Page Last Modified: Mar 3, 2017 @ 8:53 pm

Disclaimer: It is our goal to keep the information on this page, and this website, as up to date as possible. With that said, it is ultimately your responsibility to verify the handgun law in your states of interest. The information on this page is for informational purposes only. The information presented on this page and on this website is not legal advice, and should not be treated as such. This content is subject to change without notice. We recommend subscribing to be notified when the content on this page and on this site changes.

Note: The processes listed below apply to the majority of people. If you are active-duty military, honorably discharged military, law enforcement, or retired law enforcement, the processes below may be slightly different (easier) when applying for a concealed carry permit.

 

Types of Concealed Carry Permits

Note: New Mexico (NM) sometimes refers to their concealed carry permit as a concealed handgun carry (CHC).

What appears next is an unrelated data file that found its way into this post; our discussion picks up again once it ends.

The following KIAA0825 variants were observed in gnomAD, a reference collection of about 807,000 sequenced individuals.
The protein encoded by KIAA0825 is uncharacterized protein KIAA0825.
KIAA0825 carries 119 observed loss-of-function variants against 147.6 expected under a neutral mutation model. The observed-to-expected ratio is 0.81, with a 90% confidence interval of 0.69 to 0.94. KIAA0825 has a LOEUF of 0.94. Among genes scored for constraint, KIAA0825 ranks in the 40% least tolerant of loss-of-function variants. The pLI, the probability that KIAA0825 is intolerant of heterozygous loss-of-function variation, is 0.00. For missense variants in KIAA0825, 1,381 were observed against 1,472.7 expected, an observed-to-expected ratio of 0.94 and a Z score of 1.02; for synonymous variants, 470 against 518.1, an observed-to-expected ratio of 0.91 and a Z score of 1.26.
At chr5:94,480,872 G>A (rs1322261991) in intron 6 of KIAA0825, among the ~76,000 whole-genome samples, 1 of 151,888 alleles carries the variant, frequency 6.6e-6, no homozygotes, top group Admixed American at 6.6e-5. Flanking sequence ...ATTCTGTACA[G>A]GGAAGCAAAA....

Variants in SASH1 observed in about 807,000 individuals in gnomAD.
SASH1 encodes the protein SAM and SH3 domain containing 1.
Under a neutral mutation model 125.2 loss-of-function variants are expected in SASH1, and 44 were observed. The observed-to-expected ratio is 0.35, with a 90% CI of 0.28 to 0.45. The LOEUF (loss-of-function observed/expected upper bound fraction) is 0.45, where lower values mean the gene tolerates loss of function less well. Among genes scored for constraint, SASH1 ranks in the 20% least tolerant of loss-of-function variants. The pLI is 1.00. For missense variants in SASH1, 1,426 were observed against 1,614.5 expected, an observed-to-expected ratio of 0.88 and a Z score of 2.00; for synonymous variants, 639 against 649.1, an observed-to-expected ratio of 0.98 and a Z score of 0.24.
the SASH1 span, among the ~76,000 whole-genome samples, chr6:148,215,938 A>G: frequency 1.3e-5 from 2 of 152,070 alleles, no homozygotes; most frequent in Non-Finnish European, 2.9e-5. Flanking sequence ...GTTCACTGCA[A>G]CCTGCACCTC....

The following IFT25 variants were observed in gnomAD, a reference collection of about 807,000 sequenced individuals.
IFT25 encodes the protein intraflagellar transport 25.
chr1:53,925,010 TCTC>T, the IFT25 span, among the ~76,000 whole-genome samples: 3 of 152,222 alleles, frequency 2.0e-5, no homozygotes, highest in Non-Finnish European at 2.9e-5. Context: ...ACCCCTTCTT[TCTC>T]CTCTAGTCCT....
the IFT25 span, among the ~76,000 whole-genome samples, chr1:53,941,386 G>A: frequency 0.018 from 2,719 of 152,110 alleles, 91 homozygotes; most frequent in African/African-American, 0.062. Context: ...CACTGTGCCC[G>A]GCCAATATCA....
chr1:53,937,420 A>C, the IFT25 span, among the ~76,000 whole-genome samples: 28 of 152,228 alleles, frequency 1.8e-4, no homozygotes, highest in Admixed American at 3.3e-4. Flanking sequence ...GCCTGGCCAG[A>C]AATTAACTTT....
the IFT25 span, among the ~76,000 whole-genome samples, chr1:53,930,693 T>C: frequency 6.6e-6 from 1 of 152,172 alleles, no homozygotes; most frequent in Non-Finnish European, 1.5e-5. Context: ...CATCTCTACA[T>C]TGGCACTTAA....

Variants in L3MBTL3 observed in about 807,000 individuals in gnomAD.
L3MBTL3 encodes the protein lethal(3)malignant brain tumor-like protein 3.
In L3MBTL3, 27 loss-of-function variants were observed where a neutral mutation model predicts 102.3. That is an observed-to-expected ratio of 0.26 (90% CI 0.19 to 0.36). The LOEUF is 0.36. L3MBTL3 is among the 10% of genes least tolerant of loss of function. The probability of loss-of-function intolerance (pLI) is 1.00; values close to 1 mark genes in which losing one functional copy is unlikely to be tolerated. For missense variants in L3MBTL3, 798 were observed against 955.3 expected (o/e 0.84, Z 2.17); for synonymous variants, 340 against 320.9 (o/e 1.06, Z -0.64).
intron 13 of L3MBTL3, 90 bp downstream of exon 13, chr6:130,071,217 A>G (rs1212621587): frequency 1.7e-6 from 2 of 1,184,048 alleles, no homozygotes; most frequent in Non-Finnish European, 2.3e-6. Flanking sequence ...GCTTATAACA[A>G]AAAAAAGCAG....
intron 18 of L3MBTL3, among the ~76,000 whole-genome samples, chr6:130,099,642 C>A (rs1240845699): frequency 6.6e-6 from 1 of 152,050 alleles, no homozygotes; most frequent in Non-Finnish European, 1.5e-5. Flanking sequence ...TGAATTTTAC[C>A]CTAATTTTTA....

1) Resident

  • Must be a minimum of 21 years old to apply
  • Must reside in New Mexico
  • Valid for 4 years
  • Costs $100 (+$Safety Course)

Note: Any resident or non-resident that is 19 years old and can legally possess a firearm may open carry. No permit is required in this case. However, you cannot open carry in National Parks, National Wildlife Management Areas, or any establishment that sells liquor (for consumption on or off the premises) without a NM or NM recognized concealed carry permit

Is it Required to Carry Concealed?

No – you may open carry or carry concealed with a concealed handgun carry permit.

May Issue or Shall Issue?

New Mexico is a shall issue state, meaning the law states that they shall issue a permit if you meet all requirements.

Process to Apply

To get a concealed carry permit in New Mexico, you are required to apply by mail to the New Mexico Department of Public Safety.

  1. Complete a NM approved firearms training course. Find an approved instructor here.
  2. Print an application here.
    • Note: All forms that you’re required to fill out can be found here.
  3. Get a complete set of fingerprints taken with 3M Cogent. Find a location near you and book an appointment here.
  4. Mail the following items to the address listed below:
    • Your completed application.
    • A copy of the certificate that proves you completed a NM approved handgun training course.
    • A copy of your NM state issued I.D. or driver’s license.
    • A copy of your U.S. birth certificate.